The decision to prorogue Parliament (Westminster) will lead to a ‘wash up’ of outstanding Bills, in which those which haven’t fully completed the legislative process are likely to be lost.
In reality, however, Parliamentary activity beyond Brexit has been pretty thin for the last few months, with very few unresolved Bills touching on civil litigation and insurance. One of passing interest is the Courts and Tribunals (Online Procedure) Bill which provides the necessary framework for moving some civil and family disputes to an online setting. Given that this important project has already had one legislative false start – via the Prison & Courts Bill which was ‘washed up’ before the 2017 general election – it is hoped that the current legislation can be fast tracked towards implementation in order to build on the extensive experience to date within the Online Civil Money Claims pilot scheme (at the end of May 2019 nearly 70,000 claims had been commenced via OCMC).
Yesterday’s budget marks just over two years since former Chancellor George Osborne announced, in his 2015 Autumn Statement, significant reforms to damages for whiplash claims and five-fold increase in the small claims limit for road traffic injury cases. Material released by the Treasury yesterday appears to indicate that Government expects to implement these reforms before April 2019.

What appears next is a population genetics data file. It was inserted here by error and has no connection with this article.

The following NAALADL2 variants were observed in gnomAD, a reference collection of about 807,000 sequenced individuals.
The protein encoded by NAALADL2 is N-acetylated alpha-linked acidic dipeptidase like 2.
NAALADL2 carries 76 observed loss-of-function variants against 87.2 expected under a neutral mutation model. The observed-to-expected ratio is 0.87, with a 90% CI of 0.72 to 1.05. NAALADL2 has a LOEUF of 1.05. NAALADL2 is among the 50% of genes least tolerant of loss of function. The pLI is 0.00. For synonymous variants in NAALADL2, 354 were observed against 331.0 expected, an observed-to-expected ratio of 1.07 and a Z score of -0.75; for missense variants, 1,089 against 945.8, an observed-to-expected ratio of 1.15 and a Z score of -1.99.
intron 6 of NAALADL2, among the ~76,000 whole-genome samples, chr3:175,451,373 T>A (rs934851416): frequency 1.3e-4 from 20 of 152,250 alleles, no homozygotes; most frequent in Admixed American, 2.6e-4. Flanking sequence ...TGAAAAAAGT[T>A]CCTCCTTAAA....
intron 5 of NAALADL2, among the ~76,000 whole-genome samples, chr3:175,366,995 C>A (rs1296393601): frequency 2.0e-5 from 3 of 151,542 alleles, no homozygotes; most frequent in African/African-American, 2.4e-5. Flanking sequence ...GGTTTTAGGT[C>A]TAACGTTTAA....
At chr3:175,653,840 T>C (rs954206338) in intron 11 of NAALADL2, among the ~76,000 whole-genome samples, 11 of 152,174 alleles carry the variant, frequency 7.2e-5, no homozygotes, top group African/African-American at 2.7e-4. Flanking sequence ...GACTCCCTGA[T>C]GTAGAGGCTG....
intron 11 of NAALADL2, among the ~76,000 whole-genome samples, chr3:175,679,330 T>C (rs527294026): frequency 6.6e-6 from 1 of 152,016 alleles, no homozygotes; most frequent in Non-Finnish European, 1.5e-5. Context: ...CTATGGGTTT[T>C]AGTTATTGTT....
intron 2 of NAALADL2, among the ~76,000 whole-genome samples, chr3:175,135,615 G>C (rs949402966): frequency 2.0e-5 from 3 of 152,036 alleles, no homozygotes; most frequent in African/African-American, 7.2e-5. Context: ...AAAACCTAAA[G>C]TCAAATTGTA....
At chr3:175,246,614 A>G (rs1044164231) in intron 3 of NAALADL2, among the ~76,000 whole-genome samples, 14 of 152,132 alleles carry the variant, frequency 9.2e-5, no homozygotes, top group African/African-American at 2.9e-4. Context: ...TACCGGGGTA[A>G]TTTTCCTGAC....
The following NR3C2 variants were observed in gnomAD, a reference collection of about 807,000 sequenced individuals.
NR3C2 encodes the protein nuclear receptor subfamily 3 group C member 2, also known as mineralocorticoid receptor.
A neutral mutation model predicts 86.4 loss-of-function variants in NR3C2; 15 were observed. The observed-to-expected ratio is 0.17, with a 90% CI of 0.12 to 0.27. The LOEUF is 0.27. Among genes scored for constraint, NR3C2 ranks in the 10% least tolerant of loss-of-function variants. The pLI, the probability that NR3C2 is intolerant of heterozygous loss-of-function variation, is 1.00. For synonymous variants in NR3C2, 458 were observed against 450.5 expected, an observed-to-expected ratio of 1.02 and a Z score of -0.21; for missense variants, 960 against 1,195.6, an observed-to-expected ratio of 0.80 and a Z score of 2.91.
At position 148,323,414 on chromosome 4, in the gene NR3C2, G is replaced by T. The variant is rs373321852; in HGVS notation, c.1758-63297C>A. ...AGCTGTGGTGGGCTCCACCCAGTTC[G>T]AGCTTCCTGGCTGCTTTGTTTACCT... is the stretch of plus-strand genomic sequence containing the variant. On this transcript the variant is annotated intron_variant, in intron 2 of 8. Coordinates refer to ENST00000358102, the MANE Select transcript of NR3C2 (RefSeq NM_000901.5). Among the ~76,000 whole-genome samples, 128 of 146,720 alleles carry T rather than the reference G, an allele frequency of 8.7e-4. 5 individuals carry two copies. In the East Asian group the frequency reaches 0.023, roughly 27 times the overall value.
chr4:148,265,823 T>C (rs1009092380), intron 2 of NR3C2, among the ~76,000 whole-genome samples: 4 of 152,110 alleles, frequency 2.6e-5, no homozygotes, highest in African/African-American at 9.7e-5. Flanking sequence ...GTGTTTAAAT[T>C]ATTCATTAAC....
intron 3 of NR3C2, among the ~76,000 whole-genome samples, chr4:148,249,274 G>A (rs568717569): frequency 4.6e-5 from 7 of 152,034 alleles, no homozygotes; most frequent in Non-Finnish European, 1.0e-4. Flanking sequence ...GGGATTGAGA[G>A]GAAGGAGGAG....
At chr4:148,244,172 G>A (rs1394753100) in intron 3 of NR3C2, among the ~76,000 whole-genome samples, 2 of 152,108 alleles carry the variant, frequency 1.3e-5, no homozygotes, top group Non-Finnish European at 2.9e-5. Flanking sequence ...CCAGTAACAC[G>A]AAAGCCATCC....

The Financial Guidance and Claims Bill is well-advanced in the Lords – it gets a third reading today – and is due to get to the Commons early next year. It will move the regulation of the claims management sector from the Ministry of Justice to the Financial Conduct Authority; a measure likely to take effect well into 2018 or perhaps even later. It is also worth noting that the Government has committed to amending the Bill – when it gets to the Commons – in order to ban cold-calling for claims leads. While the overall approach is both necessary and sensible, getting there has taken far too long given that this regulatory tightening was first suggested in the March 2016 review of the claims management sector but won’t bite until at least three years after that. [Contrast that with the far quicker approach to tackling abuses in holiday sickness cases, where we expect fixed costs controls to kick in from April 2018.]